Moreover, so as to be able to modify the energy profiles stored by the manufacturer in the read-only memory of the central processing unit 10 which may be remotely programmed by the user, for example by means of a memory card of the smart card type containing the program including the parameters inherent to the electrical control of the diodes. [sic]
The remote programming of the microprocessor, which may also be carried out by means of a microcomputer via a modem-type interface, also allows the composite manufacturer to optimize the action spectrum of the light source according to his material and to provide an after-sales or update service very rapidly and very simply.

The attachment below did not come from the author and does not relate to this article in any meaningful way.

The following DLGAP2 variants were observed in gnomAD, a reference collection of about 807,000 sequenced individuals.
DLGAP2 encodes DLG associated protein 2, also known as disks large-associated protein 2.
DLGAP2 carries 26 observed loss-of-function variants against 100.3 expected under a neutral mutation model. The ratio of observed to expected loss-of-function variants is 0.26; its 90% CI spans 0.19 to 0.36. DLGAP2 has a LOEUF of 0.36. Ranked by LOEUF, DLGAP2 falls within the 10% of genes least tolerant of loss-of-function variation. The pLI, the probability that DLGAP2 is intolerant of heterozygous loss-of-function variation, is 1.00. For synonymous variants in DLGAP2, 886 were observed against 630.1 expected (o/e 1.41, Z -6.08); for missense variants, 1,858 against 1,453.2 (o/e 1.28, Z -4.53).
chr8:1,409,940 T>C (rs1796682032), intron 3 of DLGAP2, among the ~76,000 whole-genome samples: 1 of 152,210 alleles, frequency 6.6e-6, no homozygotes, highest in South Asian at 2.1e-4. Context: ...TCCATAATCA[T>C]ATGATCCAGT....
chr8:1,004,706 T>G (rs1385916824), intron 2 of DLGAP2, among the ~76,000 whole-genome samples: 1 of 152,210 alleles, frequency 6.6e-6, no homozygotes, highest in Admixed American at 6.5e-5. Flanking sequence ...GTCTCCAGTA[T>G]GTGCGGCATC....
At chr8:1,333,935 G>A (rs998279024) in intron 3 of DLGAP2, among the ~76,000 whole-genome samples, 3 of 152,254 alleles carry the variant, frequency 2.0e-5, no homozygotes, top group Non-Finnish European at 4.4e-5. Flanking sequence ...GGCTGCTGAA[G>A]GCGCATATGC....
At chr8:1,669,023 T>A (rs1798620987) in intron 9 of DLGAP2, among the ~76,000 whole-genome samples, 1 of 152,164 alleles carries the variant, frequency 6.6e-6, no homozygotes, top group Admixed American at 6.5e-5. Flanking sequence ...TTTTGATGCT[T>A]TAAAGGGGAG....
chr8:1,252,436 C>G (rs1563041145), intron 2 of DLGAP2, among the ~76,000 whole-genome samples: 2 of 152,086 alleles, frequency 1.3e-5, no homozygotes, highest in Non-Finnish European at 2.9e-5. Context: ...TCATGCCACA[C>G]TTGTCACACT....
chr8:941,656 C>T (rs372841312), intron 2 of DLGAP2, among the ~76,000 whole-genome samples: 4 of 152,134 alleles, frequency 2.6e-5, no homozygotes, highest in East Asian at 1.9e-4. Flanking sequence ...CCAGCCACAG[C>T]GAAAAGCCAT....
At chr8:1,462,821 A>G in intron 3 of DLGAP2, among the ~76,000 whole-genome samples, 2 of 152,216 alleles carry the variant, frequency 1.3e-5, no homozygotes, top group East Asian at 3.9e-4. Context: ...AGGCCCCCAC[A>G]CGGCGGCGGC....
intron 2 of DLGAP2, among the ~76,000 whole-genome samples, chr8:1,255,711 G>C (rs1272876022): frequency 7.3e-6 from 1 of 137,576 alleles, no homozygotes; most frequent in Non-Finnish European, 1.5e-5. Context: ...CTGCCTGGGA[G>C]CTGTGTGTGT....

Trials have shown that, in order to obtain curing that is rapid and desirable both from the clinical and biological standpoints, the illumination provided by the light source 2 must lie between 1 and 2 W/cm2 and preferably around 1.5 W/cm2. This illumination is in direct relation with the number of light-emitting diodes 20 and the power which is delivered to them by the supply card 11.
Referring now to FIGS. 4 and 5, these show, in another embodiment, a concentrating device 3 consisting of a collimating device 30 and of a focusing device 31 allowing the light rays emitted by the light-emitting diodes 20 of a lightsource 2 to be collimated and allowing all these rays to be concentrated on a given concentration point 32 corresponding substantially either directly to the treatment area or to the entry face, of the waveguide 12.